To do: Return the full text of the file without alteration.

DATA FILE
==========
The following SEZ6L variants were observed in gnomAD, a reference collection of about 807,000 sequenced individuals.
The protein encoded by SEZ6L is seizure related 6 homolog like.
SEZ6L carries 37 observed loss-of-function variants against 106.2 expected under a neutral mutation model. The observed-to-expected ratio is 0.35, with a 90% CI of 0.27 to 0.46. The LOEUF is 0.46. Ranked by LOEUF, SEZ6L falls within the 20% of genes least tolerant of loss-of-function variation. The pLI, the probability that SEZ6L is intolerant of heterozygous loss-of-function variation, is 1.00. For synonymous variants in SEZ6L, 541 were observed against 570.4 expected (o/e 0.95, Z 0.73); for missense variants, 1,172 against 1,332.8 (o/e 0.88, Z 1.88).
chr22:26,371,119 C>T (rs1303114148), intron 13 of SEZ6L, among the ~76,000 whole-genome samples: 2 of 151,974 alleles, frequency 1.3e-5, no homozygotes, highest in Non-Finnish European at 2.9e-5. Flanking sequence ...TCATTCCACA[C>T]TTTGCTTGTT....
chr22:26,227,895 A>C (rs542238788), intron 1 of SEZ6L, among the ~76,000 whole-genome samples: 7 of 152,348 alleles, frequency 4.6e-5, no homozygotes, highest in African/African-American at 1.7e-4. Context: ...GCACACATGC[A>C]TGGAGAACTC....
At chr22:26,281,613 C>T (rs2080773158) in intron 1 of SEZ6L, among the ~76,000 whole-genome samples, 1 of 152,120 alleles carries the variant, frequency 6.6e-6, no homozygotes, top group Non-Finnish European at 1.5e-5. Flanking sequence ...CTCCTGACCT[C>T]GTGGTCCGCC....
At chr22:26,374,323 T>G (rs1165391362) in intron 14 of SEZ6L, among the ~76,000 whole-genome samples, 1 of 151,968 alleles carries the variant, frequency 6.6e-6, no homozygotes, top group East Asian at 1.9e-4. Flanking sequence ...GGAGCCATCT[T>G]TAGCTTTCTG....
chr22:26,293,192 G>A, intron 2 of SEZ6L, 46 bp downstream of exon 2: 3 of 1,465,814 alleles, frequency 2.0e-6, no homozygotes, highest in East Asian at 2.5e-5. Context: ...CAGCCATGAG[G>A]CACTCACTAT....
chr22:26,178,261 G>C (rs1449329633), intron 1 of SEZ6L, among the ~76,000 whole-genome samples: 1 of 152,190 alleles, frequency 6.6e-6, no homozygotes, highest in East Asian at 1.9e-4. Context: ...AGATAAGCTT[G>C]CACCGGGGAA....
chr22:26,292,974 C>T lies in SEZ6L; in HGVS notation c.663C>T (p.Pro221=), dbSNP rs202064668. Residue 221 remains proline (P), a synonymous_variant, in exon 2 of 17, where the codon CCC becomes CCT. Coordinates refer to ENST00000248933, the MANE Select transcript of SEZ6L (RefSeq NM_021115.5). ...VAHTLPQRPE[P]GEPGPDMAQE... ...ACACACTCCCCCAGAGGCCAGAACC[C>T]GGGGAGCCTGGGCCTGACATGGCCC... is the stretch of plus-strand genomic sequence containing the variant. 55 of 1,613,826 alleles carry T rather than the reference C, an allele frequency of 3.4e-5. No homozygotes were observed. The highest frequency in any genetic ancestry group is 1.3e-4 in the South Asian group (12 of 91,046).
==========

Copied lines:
The following SEZ6L variants were observed in gnomAD, a reference collection of about 807,000 sequenced individuals.
The protein encoded by SEZ6L is seizure related 6 homolog like.
SEZ6L carries 37 observed loss-of-function variants against 106.2 expected under a neutral mutation model. The observed-to-expected ratio is 0.35, with a 90% CI of 0.27 to 0.46. The LOEUF is 0.46. Ranked by LOEUF, SEZ6L falls within the 20% of genes least tolerant of loss-of-function variation. The pLI, the probability that SEZ6L is intolerant of heterozygous loss-of-function variation, is 1.00. For synonymous variants in SEZ6L, 541 were observed against 570.4 expected (o/e 0.95, Z 0.73); for missense variants, 1,172 against 1,332.8 (o/e 0.88, Z 1.88).
chr22:26,371,119 C>T (rs1303114148), intron 13 of SEZ6L, among the ~76,000 whole-genome samples: 2 of 151,974 alleles, frequency 1.3e-5, no homozygotes, highest in Non-Finnish European at 2.9e-5. Flanking sequence ...TCATTCCACA[C>T]TTTGCTTGTT....
chr22:26,227,895 A>C (rs542238788), intron 1 of SEZ6L, among the ~76,000 whole-genome samples: 7 of 152,348 alleles, frequency 4.6e-5, no homozygotes, highest in African/African-American at 1.7e-4. Context: ...GCACACATGC[A>C]TGGAGAACTC....
At chr22:26,281,613 C>T (rs2080773158) in intron 1 of SEZ6L, among the ~76,000 whole-genome samples, 1 of 152,120 alleles carries the variant, frequency 6.6e-6, no homozygotes, top group Non-Finnish European at 1.5e-5. Flanking sequence ...CTCCTGACCT[C>T]GTGGTCCGCC....
At chr22:26,374,323 T>G (rs1165391362) in intron 14 of SEZ6L, among the ~76,000 whole-genome samples, 1 of 151,968 alleles carries the variant, frequency 6.6e-6, no homozygotes, top group East Asian at 1.9e-4. Flanking sequence ...GGAGCCATCT[T>G]TAGCTTTCTG....
chr22:26,293,192 G>A, intron 2 of SEZ6L, 46 bp downstream of exon 2: 3 of 1,465,814 alleles, frequency 2.0e-6, no homozygotes, highest in East Asian at 2.5e-5. Context: ...CAGCCATGAG[G>A]CACTCACTAT....
chr22:26,178,261 G>C (rs1449329633), intron 1 of SEZ6L, among the ~76,000 whole-genome samples: 1 of 152,190 alleles, frequency 6.6e-6, no homozygotes, highest in East Asian at 1.9e-4. Context: ...AGATAAGCTT[G>C]CACCGGGGAA....
chr22:26,292,974 C>T lies in SEZ6L; in HGVS notation c.663C>T (p.Pro221=), dbSNP rs202064668. Residue 221 remains proline (P), a synonymous_variant, in exon 2 of 17, where the codon CCC becomes CCT. Coordinates refer to ENST00000248933, the MANE Select transcript of SEZ6L (RefSeq NM_021115.5). ...VAHTLPQRPE[P]GEPGPDMAQE... ...ACACACTCCCCCAGAGGCCAGAACC[C>T]GGGGAGCCTGGGCCTGACATGGCCC... is the stretch of plus-strand genomic sequence containing the variant. 55 of 1,613,826 alleles carry T rather than the reference C, an allele frequency of 3.4e-5. No homozygotes were observed. The highest frequency in any genetic ancestry group is 1.3e-4 in the South Asian group (12 of 91,046).